The Indie Megabooth at this year’s PAX was a writhing sea of cow eyed bodies, a frothy foam of aggressive BO and slow shuffles, staring at all the exciting new indie titles on display. It was almost impossible to make it through the area without running into a roadblock of bodies. While most of the booths were crowded constantly during PAX, 17-BIT’s booth always had a line of people waiting to get their hands on Galak-Z: The Dimensional. The long lines and huge swath of people crowding the booth was for a very good reason, Galak-Z is wildly exciting. 17-BIT had two chapters for the demo, but mainly people checking out the demo played the first chapter, which introduced the mechanics, controls and introductory story.
Galak-Z starts with a female member of HQ looking for any survivors after a calamity. She only is able to find one survivor. A lone pilot lost in the depths of space with a half functioning ship. The lady from HQ does her best to help the pilot restart the ship’s systems. After some troubleshooting the ship is up and running.
Now the pilot must navigate an unknown area to find any replacement parts, other survivors and either avoid or destroy enemy ships. As he scavenges for parts, shield energy and missiles, he discovers patrolling ships that he must contend with. Moving through the area, he finds various factions of ships, those intelligent and those not so intelligent that attack anything in sight.
Eventually, he finds another surviving ship. Before he can help the ship, an enemy mech clips it in half. Now he must destroy this dangerous enemy as the area begins to fill with lava. After a protracted battle where the lava slowly flows toward the protagonist, he defeats the enemy and has to outrun the lava lest he gets caught in it. As his ship rushes to flee the lava, he has to fight or flee enemy patrols as he tries to reach his escape route. Luckily enough, he gets clear of the lava and readies for his journey ending the demo.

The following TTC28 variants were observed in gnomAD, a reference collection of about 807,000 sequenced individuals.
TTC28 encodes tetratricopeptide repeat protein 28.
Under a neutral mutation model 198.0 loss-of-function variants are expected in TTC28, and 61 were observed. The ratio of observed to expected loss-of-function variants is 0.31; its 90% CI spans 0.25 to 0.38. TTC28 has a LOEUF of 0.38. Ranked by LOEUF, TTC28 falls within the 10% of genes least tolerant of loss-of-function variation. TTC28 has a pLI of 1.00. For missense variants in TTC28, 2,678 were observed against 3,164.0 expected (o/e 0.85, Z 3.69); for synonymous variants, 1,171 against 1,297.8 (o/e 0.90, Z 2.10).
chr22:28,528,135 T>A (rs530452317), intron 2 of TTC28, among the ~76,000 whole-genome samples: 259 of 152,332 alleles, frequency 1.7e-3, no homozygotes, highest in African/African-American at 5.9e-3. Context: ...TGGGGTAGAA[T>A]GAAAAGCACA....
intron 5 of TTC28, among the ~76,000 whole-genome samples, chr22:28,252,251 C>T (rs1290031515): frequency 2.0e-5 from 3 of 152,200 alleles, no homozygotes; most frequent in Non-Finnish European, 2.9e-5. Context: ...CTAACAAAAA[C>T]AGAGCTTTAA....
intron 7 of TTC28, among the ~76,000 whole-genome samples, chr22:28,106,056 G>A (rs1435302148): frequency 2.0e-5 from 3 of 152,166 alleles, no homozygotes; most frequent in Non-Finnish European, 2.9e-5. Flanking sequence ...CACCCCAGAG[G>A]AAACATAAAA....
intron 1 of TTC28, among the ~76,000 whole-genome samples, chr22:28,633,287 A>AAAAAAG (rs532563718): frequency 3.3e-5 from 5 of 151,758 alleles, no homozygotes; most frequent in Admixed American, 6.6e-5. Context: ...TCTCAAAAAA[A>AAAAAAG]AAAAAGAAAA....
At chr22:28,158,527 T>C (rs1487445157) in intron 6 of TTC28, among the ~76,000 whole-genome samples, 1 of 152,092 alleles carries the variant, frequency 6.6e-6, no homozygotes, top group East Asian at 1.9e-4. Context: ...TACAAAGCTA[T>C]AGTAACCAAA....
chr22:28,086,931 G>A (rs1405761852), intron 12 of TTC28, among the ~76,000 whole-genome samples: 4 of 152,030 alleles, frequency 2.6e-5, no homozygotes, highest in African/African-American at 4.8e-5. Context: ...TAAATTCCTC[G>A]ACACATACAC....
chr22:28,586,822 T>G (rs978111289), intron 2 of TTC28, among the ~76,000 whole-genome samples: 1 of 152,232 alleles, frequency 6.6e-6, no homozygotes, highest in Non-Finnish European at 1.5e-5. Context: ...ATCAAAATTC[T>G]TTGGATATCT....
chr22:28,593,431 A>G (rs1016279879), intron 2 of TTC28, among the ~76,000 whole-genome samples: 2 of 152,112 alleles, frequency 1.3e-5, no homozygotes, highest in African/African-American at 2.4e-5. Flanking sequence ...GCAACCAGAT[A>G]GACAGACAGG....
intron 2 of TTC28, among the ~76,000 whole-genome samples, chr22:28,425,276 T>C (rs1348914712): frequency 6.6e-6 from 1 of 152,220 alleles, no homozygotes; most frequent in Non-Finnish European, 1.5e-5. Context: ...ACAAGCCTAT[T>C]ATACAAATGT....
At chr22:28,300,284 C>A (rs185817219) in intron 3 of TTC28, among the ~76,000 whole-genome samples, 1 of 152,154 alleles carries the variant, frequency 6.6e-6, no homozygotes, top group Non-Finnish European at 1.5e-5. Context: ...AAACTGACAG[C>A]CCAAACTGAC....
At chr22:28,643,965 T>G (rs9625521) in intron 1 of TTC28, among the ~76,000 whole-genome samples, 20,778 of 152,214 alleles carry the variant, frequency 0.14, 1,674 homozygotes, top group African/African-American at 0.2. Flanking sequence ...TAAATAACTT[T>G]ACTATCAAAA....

As with most 2D space shooters, there is an acclimation period needed to get used to the controls. Mainly it is with movement, it is a bit weird at first because there is a want to use the analog sticks to move in a direction, but that only is for aiming. Galak-Z uses forward and reverse thrusters (and a boost function) for movement that takes some getting used to how to coordinate those controls with restraining the urge to use the analog sticks to move. However, once the player gets used to them, the controls are smooth (the desire for it to function like a twin stick shooter is high though). Shooting is pretty natural, but the way missiles function in the game is pretty awesome. When engaging missiles a large scan wave goes out in front of the ship and tags enemies within its range, as long as the player keeps holding the button down it will tag more ships. So when the player lets go it will fire off missiles at all tag ships (consequently using up available missile reserves). While there is an initial learning curve to the controls, players will be gunning and moving like it is second nature fairly quickly.
Galak-Z nicely replicates the old school shooter feel, but adds plenty of depth and strategy with the enemy AI. There are enemy factions in the game that have different temperaments and allegiances meaning certain ones will attack anything and everything, while others may only target the player or certain other factions. So, players can smartly trick enemies into fighting it out while they slip past them. Enemy AI will also call for back-up and seek out the player. There is always the option of gunning down all the ships, of course, but it adds a bit more excitement to exploit the AI.
The environment seems to play a big part in combat because during the boss fight, players can run and gun down the boss as usual. Or they can utilize the unique environmental event that occurs during the fight, which involves lava falling slowly filling the area. So, the player can rush quickly and deeply into the lava causing the boss to follow them and then fly out real fast. Since the boss moves slowly the lava will continue to fall and it will be trapped in it taking damage while the player fires missiles and bullets at it. This allows the player to take it out easily and allows them to escape quicker. Additionally, going through the area, there were large sacks full of corrosive spores that when shot attached to a ship and damaged it. So, the player could shoot them then thrust through the cloud of spores avoiding them but leading enemy ships into a spore trap. Both the AI and the environment add a good amount of depth to the gameplay.
Gameplay is the main draw of Galak-Z and it has an extremely promising starting point to build upon moving toward its 2014 release. The game takes it inspiration heavily from 70s and 80s anime with Robotron vibes. It looks like an unreleased 80s space anime. The strong visual style is present from the title screen and the game is gorgeous. The demo had an amazing soundtrack; hopefully the full game is full of similar infectious tunes. It takes a more serious approach than Skulls of the Shogun, but similarly has a distinct personality.
17-BIT is eyeing a summer 2014 release for Galak-Z: The Dimensional, but likely it will release when it is ready. It will be well worth the wait.